As a registered nurse and former Trump appointee to the U.S. Department of Health and Human Services, Renee Ellmers has plenty of ideas on health care policy.
Now she wants to bring those ideas to the North Carolina lieutenant governor’s office, giving the ill-defined position a specific mission in a critical arena of public policy.
Ellmers announced this week that she’ll seek the office in 2020, immediately becoming the frontrunner in a still-sparse GOP field. She spoke to Longleaf Politics about her vision for the role, her ideas for improving the state’s health care system and the lessons she’s learned from an up-and-down political career.
This is Ellmers first run for office after a two-year political hiatus. She was elected to Congress in 2010 and served three terms before losing a Republican primary to fellow U.S. Rep. George Holding after a mid-decade redistricting thrust the two into the same slot.
The lieutenant governor role is much less defined. North Carolina elects its governor and lieutenant separately, and for the past three years has had a partisan split between Democratic Gov. Roy Cooper and Republican Lt. Gov. Dan Forest.
Forest is now running for governor, and Ellmers made it clear she supports his candidacy. But she’s still passionate about the health care issues that propelled her to Congress in the first place.
“I see this as a real opportunity,” Ellmers said. “I can be a singular voice instead of being drowned out by 435 other voices.”
Ellmers was swept into office amid a Tea Party movement and became known for her opposition to the Affordable Care Act, also known as Obamacare. She says she felt sure that when President Donald Trump was elected and Republicans held the House and Senate, some progress would be made on moving healthcare forward. That didn’t happen.
“I decided, I can either sit on the sidelines or throw myself back into it,” she said.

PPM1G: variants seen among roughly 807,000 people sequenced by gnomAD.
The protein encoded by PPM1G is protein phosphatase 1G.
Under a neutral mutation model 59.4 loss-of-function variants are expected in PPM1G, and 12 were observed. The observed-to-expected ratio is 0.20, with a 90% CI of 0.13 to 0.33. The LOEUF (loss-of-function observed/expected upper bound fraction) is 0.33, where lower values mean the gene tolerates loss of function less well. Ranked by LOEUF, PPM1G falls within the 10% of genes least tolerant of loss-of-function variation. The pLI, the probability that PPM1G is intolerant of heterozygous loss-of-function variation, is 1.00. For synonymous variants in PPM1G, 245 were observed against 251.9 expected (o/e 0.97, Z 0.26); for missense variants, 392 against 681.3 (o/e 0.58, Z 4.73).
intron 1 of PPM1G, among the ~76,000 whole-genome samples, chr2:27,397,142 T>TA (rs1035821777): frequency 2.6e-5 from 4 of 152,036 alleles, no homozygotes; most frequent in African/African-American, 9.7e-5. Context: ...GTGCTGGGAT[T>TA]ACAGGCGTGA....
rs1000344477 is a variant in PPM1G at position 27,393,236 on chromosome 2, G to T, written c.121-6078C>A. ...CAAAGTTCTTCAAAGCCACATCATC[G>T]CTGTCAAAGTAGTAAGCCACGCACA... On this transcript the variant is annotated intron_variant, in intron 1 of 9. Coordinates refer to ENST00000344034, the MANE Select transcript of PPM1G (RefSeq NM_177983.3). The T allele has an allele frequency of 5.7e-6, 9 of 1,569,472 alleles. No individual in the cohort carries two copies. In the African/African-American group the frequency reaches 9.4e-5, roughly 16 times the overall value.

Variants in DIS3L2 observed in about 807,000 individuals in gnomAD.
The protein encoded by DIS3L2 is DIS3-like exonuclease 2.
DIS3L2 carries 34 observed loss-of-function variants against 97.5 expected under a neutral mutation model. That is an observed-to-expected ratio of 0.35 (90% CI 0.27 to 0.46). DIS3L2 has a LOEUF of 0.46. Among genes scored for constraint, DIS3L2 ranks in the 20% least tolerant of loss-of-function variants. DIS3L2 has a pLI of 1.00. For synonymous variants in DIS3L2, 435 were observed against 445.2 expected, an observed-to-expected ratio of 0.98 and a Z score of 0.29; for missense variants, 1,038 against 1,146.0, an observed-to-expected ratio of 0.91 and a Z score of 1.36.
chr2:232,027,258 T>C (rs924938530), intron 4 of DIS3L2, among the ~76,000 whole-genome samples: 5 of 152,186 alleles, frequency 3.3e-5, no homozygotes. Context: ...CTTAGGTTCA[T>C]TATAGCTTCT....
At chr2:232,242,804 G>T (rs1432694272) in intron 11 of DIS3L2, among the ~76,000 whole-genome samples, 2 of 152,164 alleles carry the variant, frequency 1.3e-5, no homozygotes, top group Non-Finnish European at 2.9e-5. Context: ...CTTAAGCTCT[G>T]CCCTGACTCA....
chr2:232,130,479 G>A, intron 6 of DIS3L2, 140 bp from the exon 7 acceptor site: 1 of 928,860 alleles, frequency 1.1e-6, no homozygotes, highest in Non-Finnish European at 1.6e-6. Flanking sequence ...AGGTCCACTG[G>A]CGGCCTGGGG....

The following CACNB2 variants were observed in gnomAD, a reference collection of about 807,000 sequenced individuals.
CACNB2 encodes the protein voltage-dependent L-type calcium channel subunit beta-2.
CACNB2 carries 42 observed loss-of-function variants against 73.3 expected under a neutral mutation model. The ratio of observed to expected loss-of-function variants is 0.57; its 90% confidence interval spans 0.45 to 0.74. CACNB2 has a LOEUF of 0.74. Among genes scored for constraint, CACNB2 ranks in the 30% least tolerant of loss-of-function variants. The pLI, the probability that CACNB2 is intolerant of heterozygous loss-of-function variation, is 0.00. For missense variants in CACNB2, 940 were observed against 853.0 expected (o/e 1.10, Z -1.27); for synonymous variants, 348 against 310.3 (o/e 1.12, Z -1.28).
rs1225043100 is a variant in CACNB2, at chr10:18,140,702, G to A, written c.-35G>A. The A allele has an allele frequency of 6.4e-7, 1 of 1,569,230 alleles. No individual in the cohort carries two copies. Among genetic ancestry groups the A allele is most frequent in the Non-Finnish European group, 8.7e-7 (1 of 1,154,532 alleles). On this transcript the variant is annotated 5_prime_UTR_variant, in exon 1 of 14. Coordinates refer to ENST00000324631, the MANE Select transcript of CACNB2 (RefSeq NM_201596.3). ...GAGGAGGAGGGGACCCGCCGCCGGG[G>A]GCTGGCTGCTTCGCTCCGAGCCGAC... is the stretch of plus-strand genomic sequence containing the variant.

And her candidacy comes at a time when health care is at the forefront of state policy debates. Democrats have said Medicaid expansion is their top priority, but it doesn’t appear to be making headway. Republicans have proposed eliminating the state’s certificate of need laws that restrict health care expansion and work requirements for receiving Medicaid as an able-bodied person.
There’s also an ongoing debate between State Treasurer Dale Folwell and certain members of the General Assembly over how to strike the balance between cost transparency and reducing prices for the State Health Plan and supporting rural hospitals.
For the record, Ellmers is against expanding Medicaid or the “Medicaid for All” proposal put forward by Democratic Socialist Bernie Sanders: “I think that is very, very dangerous because there’s no way our country can afford that,” she said.
Instead, the way forward is to increase choice and transparency and lower costs, Ellmers said. She spoke at length about using telehealth to increase access to doctors in rural areas. She also stressed that just getting everybody health insurance is not a guarantee of better coverage. Instead, it takes a more holistic approach that includes economic development in rural areas.
Ellmers describes herself as a common sense conservative and Ronald Reagan Republican. But she defines herself by what she’s able to get done.
“I’m not about spouting political talking points,” Ellmers said. “I don’t see health care as a partisan issue.”
Cover photo by Renee Ellmers for North Carolina via Facebook.